DSU President Harry Lee Williams spent Feb. 26 in Washington, D.C. with other HBCU leaders to witness President Barack Obama’s signing of an executive order that renews the White House’s commitment to Historically Black Colleges and Universities.
The executive order renews White House Initiative on Historically Black Colleges and Universities that was begun in 2002 under the administration of President George Bush. According to a White House press release, the event – which took place in the White House East Room – demonstrates President’s Obama’s strong appreciation for the historic role these institutions have played in the education of citizens as well as the Administration’s commitment to assist HBCUs in accomplishing their missions.
Specifically, the executive order establishes the White House Initiative on HBCUs to be housed in the U.S. Department of Education under the leadership of Executive Director John S. Wilson Jr., as well as establish a President’s Board of Advisors in HBCUs.
Dr. Wilson was in attendance at DSU when Dr. Williams announced that establishment of a Blue Ribbon Commission to create a new vision and set of core values for the University. He also met that same day with the DSU president and commission members to explain President Obama’s commitment to HBCUs.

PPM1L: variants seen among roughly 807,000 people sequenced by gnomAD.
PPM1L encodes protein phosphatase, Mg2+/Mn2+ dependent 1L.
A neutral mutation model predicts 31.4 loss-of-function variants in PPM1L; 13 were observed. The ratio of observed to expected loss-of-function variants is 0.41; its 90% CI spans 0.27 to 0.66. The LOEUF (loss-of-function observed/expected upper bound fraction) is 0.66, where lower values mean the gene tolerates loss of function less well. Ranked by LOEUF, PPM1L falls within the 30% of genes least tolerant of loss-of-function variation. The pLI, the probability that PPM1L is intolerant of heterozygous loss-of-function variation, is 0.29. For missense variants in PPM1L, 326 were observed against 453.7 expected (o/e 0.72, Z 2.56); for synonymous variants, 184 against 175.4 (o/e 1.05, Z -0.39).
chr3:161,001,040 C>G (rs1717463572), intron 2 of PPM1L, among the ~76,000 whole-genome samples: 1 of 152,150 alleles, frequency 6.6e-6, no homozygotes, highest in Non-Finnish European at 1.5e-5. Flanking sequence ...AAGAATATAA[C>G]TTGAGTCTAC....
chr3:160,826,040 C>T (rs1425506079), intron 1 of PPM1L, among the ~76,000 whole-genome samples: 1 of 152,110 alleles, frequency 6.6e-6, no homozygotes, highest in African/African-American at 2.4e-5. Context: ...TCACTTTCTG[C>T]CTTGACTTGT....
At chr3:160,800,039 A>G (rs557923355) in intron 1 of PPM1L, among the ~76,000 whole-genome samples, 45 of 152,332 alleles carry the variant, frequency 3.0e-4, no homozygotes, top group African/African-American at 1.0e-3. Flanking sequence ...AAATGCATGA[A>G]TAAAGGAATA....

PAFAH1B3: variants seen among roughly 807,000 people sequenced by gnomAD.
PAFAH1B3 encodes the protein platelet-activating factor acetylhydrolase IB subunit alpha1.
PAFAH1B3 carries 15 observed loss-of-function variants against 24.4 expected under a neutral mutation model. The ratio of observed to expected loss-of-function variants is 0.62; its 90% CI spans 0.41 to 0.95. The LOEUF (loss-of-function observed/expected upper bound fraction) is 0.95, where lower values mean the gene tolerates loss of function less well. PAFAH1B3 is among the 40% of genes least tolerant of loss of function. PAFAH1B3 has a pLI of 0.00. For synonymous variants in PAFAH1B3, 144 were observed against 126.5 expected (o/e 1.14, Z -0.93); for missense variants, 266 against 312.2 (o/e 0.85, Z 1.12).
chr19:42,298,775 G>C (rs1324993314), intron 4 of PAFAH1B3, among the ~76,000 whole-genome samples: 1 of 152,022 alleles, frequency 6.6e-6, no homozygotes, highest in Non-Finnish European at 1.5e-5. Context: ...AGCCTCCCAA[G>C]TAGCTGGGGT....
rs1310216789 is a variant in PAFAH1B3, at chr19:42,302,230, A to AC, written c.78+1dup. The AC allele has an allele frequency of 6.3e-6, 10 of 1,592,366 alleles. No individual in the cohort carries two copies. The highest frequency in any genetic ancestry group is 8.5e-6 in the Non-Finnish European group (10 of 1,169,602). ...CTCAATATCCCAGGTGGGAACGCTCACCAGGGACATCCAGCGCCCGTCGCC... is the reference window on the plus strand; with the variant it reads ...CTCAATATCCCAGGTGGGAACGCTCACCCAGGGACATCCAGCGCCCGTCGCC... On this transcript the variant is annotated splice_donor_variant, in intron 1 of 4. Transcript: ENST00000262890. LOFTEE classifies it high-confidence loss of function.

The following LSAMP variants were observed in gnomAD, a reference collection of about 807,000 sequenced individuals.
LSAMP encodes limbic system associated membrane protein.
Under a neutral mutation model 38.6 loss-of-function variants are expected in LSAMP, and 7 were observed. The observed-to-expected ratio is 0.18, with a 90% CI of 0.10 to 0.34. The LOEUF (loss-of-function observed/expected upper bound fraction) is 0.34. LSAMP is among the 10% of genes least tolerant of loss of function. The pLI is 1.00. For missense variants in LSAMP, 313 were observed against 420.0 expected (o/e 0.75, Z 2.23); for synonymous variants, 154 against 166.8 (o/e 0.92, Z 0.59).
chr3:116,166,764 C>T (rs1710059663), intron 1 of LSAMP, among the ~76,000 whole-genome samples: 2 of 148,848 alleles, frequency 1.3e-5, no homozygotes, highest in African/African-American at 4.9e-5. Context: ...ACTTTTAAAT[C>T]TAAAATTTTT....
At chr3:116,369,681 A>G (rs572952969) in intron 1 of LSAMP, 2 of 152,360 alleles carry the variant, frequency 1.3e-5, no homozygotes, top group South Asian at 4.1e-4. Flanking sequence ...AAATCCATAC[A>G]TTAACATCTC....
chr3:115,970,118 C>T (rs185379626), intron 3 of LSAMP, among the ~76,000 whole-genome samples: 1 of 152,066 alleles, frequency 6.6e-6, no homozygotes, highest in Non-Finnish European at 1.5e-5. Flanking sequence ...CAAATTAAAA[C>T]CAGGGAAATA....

DSU President Williams said that it was a tremendous experience to attend President Obama’s executive order signing along with the entire Congressional Black Caucus and more then 40 other HBCU presidents.
“President Obama made it clear that he is in full support of HBCUs,” said the DSU president. “He cited the importance of the sustainability of HBCUs because it is going to be important of his 2020 goal of improving the number of people earning degrees.
Dr. Williams added that President Obama has requested $98 million in new money for HBCUs, with a large percentage of that going toward financial aid for students and increasing the Pell Grant.
According the White House press release, the Obama Administration is also requesting $20.5 million for a HBCU Capital Financing Program. This would provide HBCUs with access to financing for the repair, renovation and construction or acquisition of education facilities, instructional equipment, research instrumentation and physical infrastructure.
Including Delaware State University, there are 105 HBCUs located in 20 states, the District of Columbia and the U.S. Virgin Islands, which serve more than 300,000 undergraduate and graduate students.